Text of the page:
I’m sure we all know that goal setting is very powerful when it comes to achieving results. After all, if there’s no target, how do we know if we have been successful? There’s a great story about why 3% of Harvard MBA students make 10 times more than the other 97% – they all had goals written down with plans to accomplish them.
We have worked with numerous clients and introduced a goal-setting process that has helped to increase their sales. Here’s a short video that explains the process:
If you haven’t been setting goals, I’d strongly suggest you do – most point of sale registers will be able to measure the following:
- Items per transaction – (IPT) how many items each customer buys – also called UPT.
- Average sale – how much on average customers spend per visit
- Sales of focus products – could be how many drinks, chocolate bars, selected accessories, shoe care items etc are sold each shift/day
- Conversion rate – the percentage of customers that purchase a focus product
- Loyalty card sign ups – the physical number of signs ups
There is a number more, but these are the key ones we focus on and help our clients to improve on. As I suggested in the video, the easiest way to introduce a goal setting process is by team (or store). This way no individual feels pressured or singled out and it’s the entire team who have the goal to achieve.
A great way to start but it can hide poor performance. The goal can be achieved by the effort of a few individuals, not the entire team, so top performers can often get frustrated, as they are carrying the load and poor performers can coast. I much prefer individual goal setting – providing it’s fair and achievable. This is why in my opinion conversion rate and IPT are the best as they don’t depend on how many customers the staff member serves.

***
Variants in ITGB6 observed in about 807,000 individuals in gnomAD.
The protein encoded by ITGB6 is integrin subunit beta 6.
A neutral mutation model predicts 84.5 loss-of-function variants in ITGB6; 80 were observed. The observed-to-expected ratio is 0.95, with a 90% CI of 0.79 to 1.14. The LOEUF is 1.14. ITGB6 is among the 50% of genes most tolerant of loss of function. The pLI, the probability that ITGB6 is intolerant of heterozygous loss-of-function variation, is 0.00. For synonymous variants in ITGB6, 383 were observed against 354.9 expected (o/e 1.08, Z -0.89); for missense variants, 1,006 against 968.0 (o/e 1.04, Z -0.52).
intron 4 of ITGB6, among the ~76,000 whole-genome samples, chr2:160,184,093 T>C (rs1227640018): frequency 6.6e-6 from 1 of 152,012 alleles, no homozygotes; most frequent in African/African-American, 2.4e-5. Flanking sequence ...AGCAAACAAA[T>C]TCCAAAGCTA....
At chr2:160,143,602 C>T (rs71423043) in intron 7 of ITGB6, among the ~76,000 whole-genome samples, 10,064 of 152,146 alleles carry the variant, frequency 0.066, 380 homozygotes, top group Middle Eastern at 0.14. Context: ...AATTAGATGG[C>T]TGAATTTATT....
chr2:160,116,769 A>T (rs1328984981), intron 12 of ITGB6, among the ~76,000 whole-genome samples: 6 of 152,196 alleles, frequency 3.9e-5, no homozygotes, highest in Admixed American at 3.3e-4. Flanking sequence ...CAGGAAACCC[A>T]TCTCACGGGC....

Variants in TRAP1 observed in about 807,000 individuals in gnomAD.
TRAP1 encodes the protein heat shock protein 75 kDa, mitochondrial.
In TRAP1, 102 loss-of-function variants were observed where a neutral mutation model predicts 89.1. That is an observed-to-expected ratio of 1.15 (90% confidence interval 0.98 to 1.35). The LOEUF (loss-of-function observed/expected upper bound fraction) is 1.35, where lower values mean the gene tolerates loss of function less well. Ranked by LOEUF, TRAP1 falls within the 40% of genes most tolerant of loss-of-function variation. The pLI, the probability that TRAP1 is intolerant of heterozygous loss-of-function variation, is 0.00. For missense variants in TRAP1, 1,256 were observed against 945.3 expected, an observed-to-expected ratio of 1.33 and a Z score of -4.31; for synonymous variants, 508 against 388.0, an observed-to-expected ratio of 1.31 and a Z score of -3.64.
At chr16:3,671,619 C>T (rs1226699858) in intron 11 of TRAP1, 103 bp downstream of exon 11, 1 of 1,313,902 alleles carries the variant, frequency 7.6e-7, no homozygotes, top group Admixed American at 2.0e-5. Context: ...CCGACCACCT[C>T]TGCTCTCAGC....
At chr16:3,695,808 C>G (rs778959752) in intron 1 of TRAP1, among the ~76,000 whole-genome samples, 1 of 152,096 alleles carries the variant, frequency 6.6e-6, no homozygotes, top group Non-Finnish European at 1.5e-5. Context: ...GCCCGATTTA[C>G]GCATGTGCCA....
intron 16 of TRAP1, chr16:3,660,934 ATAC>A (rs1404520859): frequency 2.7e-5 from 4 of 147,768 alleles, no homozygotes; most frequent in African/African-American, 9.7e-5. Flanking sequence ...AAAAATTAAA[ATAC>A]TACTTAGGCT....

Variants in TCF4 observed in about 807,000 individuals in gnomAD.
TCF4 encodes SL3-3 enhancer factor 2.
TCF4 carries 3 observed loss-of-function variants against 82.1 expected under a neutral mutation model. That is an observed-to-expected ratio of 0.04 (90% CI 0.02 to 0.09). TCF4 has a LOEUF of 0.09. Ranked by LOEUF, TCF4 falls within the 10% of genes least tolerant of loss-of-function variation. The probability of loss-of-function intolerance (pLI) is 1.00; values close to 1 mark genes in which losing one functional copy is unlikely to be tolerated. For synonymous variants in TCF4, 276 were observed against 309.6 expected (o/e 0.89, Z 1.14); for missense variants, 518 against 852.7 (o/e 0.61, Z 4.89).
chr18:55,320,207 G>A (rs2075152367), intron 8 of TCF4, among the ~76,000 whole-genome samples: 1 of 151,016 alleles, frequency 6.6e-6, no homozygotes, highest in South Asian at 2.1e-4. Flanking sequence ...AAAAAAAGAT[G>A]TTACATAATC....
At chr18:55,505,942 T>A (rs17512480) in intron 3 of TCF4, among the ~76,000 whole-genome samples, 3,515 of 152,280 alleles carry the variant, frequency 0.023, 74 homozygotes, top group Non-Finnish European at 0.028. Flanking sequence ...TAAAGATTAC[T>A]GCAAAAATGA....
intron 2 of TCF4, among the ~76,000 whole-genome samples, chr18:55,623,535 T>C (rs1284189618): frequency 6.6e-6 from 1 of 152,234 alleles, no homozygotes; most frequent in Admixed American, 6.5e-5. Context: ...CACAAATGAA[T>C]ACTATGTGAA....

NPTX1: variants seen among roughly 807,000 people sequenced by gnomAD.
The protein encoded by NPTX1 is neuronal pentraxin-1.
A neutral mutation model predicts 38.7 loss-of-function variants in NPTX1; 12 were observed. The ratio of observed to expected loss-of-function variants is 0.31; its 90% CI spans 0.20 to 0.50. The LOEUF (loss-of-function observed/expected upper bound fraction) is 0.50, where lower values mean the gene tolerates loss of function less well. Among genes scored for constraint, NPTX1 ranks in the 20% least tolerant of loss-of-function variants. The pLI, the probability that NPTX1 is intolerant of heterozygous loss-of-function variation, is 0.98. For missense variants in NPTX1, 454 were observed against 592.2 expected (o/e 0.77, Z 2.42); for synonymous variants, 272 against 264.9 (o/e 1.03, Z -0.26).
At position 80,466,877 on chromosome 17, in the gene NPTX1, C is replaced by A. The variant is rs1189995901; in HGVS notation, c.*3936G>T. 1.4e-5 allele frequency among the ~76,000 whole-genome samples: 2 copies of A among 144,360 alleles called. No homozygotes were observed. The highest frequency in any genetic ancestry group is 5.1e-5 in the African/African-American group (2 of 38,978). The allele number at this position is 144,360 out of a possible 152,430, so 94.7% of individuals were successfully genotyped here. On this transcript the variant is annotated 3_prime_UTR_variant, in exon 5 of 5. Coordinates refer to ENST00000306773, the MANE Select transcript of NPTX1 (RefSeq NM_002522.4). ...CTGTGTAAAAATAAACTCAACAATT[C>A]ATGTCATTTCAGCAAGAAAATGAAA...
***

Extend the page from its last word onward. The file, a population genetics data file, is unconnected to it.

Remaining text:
Individual goal setting gets your team to take responsibility for their own performance plus it’s a fantastic coaching tool. It identifies who is doing well (meeting or exceeding their targets) and therefore the consequence should be positive feedback. Maybe rewards if they are used wisely. It also highlights individuals who need more help (they haven’t met their goal). You can then have a separate conversation with these staff and identify what the roadblocks are and what additional training or guidance they need.
Tracking the results on a simple goal sheet also provides a powerful reminder of where the store or individual staff member is at. Getting staff to write in their own results provides another layer of accountability.
So if you’d like your business to be part of the 3%, write down your goals and follow up with your team.
Roger Simpson – CEO, The Retail Solution and Author of “The Retail Solution” With over 35 years’ industry experience, Roger Simpson is recognized as Australia’s #1 Authority on customer ROI in the retail industry and as a global expert on staff coaching, customer service, and selling skills.